March 16th 2017
stream – camp stream hut
Total distance: 1478.2 miles
The aim was to leave at 7am but it was cold and dark and predictably we didn’t leave until 7:30am. It felt absolutely freezing and getting out of my sleeping bag was such a difficult thing to do, but it really wasn’t too bad and I had to strip off my layers that I had bundled myself up in within 10 minutes of setting off.
A beautiful sunrise started the day off well, and it was a fairly easy tramp through the tussock to the first hut of the day. Easy apart from the snow poles being spaced so far apart that it was difficult to find the trail. When we arrived at the hut there was a box full of those bloody poles! Maybe they could install a few more on the trail…
After a quick snack break we carried on to the next hut. We immediately crossed a stream and we were thankful for the nice weather because the water was cold. It was a nice gradual uphill to Royal hut (where Prince Charles and Princess Anne once visited). I was feeling a lot better physically that I did yesterday. My legs hurt less and I didn’t feel like I was about to die so that was an improvement. We had a big climb ahead up to Stag Saddle (the highest point on the trail) so we fuelled up at Royal hut with food and water. I have cheese this time and it’s such a welcome break from tuna.
Any clouds that were hanging around this morning had now burnt off and it was a scorcher of a day. A beautiful day to reach the saddle as there wasn’t a cloud in the sky. I’m pleased we waited for good weather, it would have been a shame to get all the way here and not see anything. The climb started off gently, following the Bush Stream track and crossing over the river several times before rising steeply up through the tussock and rocks. It took about 2 hours and 15 minutes to reach the top, a little less for Sandy and Colin who are younger and more spritely than me! But I wasn’t too far behind and when I got there they were talking to another person. A northbounder called Alex and he was, of course, French! He was from New Caledonia, and I consider my geography to be quite good but I had no idea where that was! Now I know, and I know that they speak French there.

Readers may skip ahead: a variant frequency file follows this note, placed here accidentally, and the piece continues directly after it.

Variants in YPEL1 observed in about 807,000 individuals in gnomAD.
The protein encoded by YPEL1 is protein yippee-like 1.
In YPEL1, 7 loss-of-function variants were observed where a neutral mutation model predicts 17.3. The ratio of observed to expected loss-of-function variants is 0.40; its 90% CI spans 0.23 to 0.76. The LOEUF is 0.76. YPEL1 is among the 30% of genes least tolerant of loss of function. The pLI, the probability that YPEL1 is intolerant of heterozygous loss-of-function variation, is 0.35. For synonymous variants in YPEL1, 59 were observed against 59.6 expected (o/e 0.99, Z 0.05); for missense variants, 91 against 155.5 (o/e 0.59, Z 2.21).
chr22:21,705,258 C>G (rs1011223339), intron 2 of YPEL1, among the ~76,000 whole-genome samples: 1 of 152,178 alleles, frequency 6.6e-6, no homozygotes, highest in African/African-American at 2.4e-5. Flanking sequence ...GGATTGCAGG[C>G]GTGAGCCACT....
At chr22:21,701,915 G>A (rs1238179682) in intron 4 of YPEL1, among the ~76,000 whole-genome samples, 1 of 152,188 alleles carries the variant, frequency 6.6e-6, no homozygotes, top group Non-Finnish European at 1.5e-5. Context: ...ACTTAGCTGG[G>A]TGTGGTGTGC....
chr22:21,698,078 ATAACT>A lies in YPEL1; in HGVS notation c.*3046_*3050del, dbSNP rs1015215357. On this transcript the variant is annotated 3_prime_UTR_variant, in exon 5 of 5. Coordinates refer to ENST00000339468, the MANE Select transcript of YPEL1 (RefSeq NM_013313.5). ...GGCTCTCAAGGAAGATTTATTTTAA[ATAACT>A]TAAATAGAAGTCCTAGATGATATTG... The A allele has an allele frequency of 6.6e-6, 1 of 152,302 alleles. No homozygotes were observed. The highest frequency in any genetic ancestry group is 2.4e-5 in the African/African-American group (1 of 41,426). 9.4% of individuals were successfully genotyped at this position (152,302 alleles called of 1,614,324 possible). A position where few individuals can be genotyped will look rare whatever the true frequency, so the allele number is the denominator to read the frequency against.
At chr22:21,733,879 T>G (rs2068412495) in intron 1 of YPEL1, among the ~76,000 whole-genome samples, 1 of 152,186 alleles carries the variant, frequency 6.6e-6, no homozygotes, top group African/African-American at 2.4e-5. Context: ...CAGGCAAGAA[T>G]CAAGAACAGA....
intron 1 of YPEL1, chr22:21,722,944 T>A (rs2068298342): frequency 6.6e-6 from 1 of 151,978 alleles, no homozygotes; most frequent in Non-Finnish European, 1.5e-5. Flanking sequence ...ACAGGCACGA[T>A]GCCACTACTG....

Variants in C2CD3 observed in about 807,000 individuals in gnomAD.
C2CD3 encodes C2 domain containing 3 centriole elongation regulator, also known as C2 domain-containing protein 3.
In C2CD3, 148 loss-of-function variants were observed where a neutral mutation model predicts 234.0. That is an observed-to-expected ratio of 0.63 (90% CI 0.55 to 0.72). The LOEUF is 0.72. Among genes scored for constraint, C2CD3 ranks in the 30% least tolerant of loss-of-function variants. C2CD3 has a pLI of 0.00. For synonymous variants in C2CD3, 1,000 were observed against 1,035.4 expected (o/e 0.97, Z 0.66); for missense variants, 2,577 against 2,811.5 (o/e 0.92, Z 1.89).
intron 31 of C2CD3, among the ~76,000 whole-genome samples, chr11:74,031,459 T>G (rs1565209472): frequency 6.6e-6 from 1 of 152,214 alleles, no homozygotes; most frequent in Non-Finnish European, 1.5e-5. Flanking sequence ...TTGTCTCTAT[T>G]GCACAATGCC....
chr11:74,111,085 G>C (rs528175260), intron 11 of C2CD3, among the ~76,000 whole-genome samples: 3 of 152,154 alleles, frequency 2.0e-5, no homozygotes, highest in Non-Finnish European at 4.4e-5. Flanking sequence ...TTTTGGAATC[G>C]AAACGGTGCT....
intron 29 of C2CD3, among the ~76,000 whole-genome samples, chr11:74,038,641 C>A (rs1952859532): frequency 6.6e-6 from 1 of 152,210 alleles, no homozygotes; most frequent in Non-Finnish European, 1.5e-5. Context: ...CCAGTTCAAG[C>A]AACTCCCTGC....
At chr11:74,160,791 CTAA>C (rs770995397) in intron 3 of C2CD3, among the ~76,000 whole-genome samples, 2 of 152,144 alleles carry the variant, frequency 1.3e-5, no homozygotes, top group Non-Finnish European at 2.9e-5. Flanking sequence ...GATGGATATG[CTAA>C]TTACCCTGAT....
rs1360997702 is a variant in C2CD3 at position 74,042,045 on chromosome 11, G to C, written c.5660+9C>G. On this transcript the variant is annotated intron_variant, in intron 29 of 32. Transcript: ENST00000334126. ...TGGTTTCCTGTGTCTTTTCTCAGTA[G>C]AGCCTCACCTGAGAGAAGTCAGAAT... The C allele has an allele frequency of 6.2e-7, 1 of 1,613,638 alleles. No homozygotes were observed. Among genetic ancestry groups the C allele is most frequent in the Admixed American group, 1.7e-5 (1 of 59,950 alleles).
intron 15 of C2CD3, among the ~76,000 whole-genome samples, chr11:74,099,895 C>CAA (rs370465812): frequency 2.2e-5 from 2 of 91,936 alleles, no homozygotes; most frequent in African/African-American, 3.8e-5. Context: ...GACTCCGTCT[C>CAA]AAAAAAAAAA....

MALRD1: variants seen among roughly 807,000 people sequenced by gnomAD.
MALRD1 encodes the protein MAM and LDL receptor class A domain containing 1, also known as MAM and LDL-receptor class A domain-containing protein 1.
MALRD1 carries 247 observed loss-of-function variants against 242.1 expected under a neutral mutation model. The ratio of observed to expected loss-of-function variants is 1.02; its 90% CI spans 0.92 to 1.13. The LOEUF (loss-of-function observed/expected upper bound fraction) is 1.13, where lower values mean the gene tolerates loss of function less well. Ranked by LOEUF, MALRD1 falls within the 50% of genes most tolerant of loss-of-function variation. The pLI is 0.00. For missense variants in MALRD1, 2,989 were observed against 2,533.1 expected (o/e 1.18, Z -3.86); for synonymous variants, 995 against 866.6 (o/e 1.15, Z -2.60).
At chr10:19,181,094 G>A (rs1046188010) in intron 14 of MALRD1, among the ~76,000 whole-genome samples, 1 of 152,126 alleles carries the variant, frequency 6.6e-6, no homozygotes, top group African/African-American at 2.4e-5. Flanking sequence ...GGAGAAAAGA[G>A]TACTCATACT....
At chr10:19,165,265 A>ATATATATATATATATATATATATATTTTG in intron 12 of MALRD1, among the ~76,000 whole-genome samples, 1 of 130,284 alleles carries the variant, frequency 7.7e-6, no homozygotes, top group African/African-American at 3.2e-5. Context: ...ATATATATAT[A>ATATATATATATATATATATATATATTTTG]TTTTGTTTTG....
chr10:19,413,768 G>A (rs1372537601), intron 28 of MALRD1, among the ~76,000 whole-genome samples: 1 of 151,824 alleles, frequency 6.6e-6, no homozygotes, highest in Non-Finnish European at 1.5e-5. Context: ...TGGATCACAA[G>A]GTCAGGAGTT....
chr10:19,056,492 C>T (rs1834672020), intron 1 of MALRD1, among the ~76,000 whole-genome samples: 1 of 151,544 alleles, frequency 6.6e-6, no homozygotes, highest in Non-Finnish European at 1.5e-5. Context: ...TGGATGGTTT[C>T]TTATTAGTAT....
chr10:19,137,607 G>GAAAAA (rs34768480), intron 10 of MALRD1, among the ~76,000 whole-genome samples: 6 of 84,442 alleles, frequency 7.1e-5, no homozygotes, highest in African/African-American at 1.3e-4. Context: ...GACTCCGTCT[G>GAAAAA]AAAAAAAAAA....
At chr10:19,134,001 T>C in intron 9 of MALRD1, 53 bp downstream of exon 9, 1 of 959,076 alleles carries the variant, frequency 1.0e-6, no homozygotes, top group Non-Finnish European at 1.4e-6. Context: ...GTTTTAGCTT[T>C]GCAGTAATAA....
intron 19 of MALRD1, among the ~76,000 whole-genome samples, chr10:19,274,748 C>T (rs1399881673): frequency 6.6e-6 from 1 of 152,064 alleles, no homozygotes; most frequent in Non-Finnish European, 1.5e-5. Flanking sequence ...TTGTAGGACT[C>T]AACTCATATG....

The view from the saddle was beautiful, Lake Takepo looked an incredible colour. We sat and chatted to Alex for a while and ate some snacks, we got some cell service and I was able to check the weather for him. I also received some nice messages from a certain young man I had recently met. I was at the highest point of the trail but I now felt like I was on top of the world. We decided to take the ridge track down which isn’t recommended in bad weather, not something we had to worry about today, and I felt like I was floating down on cloud nine (until I tripped and rolled my ankle a couple of times, that crashed me back down to earth. Luckily no lasting damage). Once we crossed the scree we got views of Mt Cook and Mt Cook National Park.
I continued to float down the trail and we made it to a private hut before joining a 4wd track, which had an unexpected climb before we rejoined the official trail and made our way to camp stream hut. We had seen a big group of youngsters (late teen kind of age, which I now refer to as youngsters #gettingold!) earlier in the day who told us there was another big group going in the other direction. And they were all camped at the hut. Colin is a very light sleeper so we found a flat spot about 100m from the hut and pitched our tents there.
Sandy and I went to collect some water, we were expecting to have to go back down to the stream but we chatted with some of the people at the hut and they told us there was a pipe just past the waratar (which is what the marker poles are called. I’ve learnt so much today!).
I’m walking thousands of miles for Just A Drop because everyone should have access to clean water. Please donate here, every little bit helps.